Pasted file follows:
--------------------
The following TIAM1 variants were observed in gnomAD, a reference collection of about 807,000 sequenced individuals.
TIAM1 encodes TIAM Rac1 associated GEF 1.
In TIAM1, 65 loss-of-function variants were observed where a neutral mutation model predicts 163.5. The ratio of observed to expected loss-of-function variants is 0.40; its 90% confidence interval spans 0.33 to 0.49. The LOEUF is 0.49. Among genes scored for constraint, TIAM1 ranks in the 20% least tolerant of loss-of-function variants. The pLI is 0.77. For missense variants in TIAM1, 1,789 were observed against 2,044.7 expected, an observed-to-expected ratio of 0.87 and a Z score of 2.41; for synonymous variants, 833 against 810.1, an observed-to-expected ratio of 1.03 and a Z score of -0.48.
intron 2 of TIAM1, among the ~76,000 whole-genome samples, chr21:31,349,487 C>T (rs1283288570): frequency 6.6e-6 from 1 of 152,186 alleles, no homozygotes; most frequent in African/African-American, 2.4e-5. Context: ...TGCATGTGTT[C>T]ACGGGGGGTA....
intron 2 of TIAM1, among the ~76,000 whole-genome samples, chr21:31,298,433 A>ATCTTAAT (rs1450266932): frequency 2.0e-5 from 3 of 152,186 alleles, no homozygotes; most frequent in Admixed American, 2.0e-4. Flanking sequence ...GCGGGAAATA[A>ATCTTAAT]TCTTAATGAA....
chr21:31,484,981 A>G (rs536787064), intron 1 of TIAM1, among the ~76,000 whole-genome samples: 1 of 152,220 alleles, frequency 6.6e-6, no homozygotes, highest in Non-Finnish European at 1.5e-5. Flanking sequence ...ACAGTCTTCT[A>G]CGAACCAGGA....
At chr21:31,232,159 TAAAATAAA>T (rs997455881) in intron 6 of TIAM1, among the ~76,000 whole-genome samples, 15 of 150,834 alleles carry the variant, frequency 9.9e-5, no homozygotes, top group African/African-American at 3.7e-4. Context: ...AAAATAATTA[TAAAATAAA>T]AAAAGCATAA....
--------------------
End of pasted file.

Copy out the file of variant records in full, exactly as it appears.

The following TIAM1 variants were observed in gnomAD, a reference collection of about 807,000 sequenced individuals.
TIAM1 encodes TIAM Rac1 associated GEF 1.
In TIAM1, 65 loss-of-function variants were observed where a neutral mutation model predicts 163.5. The ratio of observed to expected loss-of-function variants is 0.40; its 90% confidence interval spans 0.33 to 0.49. The LOEUF is 0.49. Among genes scored for constraint, TIAM1 ranks in the 20% least tolerant of loss-of-function variants. The pLI is 0.77. For missense variants in TIAM1, 1,789 were observed against 2,044.7 expected, an observed-to-expected ratio of 0.87 and a Z score of 2.41; for synonymous variants, 833 against 810.1, an observed-to-expected ratio of 1.03 and a Z score of -0.48.
intron 2 of TIAM1, among the ~76,000 whole-genome samples, chr21:31,349,487 C>T (rs1283288570): frequency 6.6e-6 from 1 of 152,186 alleles, no homozygotes; most frequent in African/African-American, 2.4e-5. Context: ...TGCATGTGTT[C>T]ACGGGGGGTA....
intron 2 of TIAM1, among the ~76,000 whole-genome samples, chr21:31,298,433 A>ATCTTAAT (rs1450266932): frequency 2.0e-5 from 3 of 152,186 alleles, no homozygotes; most frequent in Admixed American, 2.0e-4. Flanking sequence ...GCGGGAAATA[A>ATCTTAAT]TCTTAATGAA....
chr21:31,484,981 A>G (rs536787064), intron 1 of TIAM1, among the ~76,000 whole-genome samples: 1 of 152,220 alleles, frequency 6.6e-6, no homozygotes, highest in Non-Finnish European at 1.5e-5. Flanking sequence ...ACAGTCTTCT[A>G]CGAACCAGGA....
At chr21:31,232,159 TAAAATAAA>T (rs997455881) in intron 6 of TIAM1, among the ~76,000 whole-genome samples, 15 of 150,834 alleles carry the variant, frequency 9.9e-5, no homozygotes, top group African/African-American at 3.7e-4. Context: ...AAAATAATTA[TAAAATAAA>T]AAAAGCATAA....